By Cyndy Rebisz
One of the nicest compliments I think that I have ever received was when someone told me that I was “one in a million.” Who wouldn’t want to feel special, unique, one of a kind? I have used this phrase many times to let others know how much I think of them and cherish them. It always brings a smile and a humble “thank you.”
Just about two years ago, being “one in a million” took on a whole different meaning in our family. Our daughter, René, a wife of 17 years, mother of four children, began to experience some unexplained physical symptoms. Her feet, legs, hands and arms began to tingle slightly. They felt somewhat numb and began to hurt. But she’s a mom and what do moms do? They just keep taking good care of their families and deal with the discomfort.
Until the day, two weeks after the initial symptoms began, when the numbness in her legs reached up to her thighs and made her legs feel like cement blocks. She could no longer lift them or move them forward to walk. Her hands and arms had grown equally weak, making it difficult and painful to grasp objects or take care of her or her family’s needs.
A hospital diagnosis came. She had contracted Guillain-Barré syndrome. This is a rare neurological disorder in which the body’s immune system attacks and damages its own healthy nerves. It can affect anyone, at any age. The exact cause of GBS is not known, nor is it contagious or inherited. Studies have shown that about “one in a million” individuals will contract this syndrome after receiving the flu shot. René was the one in a million.
Because of her paralysis, René’s life and the life of her family were turned upside down. After a week in the hospital, she came home in a wheelchair. Eventually she upgraded to a walker, then a cane. After 11 months, she was able to do some limited driving. She received approval from her employer to work three days from home. Some of the nerves in her upper legs and arms have regenerated. But she continues to deal with numbness, pain, weakness and low energy.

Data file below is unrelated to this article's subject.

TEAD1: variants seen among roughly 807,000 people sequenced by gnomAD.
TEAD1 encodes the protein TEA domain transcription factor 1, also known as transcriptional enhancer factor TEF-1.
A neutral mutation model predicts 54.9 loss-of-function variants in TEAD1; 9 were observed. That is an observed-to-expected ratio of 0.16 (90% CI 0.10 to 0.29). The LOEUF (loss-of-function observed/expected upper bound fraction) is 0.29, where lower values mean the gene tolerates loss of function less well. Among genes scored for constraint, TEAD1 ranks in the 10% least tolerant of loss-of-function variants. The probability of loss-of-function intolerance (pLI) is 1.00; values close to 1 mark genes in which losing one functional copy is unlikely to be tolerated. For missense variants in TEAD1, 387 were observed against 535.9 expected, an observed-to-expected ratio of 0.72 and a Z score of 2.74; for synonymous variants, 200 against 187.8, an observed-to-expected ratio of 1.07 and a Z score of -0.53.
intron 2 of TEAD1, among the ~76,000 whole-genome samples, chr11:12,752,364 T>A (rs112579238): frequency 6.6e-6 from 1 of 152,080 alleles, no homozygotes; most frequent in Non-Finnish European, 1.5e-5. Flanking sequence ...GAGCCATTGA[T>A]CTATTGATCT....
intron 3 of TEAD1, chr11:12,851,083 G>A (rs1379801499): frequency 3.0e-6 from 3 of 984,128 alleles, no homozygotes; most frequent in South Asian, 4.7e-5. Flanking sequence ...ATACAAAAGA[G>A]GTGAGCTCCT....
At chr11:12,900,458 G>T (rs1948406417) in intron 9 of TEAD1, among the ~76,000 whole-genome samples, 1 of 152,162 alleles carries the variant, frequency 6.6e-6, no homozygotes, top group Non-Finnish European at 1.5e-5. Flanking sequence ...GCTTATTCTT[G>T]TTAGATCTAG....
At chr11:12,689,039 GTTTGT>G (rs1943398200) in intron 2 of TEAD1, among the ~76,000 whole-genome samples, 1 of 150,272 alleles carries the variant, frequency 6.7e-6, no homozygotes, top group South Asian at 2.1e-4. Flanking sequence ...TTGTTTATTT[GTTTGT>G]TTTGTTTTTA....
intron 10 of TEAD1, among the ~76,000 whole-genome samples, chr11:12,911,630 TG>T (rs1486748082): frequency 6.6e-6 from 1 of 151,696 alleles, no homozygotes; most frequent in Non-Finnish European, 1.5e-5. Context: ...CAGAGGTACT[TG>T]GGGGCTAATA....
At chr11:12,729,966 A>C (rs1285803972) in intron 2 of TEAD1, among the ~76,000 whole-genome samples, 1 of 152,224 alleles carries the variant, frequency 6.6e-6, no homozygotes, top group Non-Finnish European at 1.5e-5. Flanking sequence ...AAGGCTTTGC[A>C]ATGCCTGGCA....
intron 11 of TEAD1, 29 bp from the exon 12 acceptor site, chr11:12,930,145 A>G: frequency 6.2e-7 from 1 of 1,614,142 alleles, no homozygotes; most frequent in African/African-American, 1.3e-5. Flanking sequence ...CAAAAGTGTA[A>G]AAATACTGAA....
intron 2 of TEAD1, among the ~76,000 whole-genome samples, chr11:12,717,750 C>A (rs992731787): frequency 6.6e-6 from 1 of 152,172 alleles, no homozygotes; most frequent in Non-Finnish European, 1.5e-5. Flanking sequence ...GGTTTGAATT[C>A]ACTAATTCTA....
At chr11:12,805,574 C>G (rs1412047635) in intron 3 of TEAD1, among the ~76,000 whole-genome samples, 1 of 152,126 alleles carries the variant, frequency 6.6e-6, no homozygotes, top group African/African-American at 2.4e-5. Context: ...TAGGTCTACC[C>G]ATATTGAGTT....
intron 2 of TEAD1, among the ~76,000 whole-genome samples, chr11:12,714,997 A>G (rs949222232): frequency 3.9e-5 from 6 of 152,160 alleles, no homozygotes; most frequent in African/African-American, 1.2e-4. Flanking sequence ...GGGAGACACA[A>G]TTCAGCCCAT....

Anyone who has ever experienced a trauma, an unforeseen accident or tragedy, or an event that has changed their life, can identify with the feelings of loss, fear, aloneness and disbelief. Hopefully others were as blessed as René and her family have been as they witnessed their school family, church family, friends, parents, siblings, physical therapist and doctors surround them with love, trust and hope. The support came in the form of prepared meals, rides for the kids to school or sports practices and events; cards and notes of encouragement; house cleaning; phone calls and visits; and help to get to doctor’s visits.
As a strong Catholic, René’s faith has played an important role in her continued recovery. After the initial diagnosis, Rene’ received the sacrament of anointing of the sick. Prayers were and continued to be offered for her strength, comfort and healing. An online site has connected her with others who suffer from Guillain-Barré.
René may never be able to walk again without an outside aid. She may never be able to play hoops or four-square again with her kids. She may never be pain free again. But with the grace of God, she has faced a demon and found her inner strength. It’s not about what she can no longer do, but what she can continue to do.
She truly is, in my eyes, “one in a million.”
Cyndy Rebisz is inspired by the quiet courage of her daughter, René.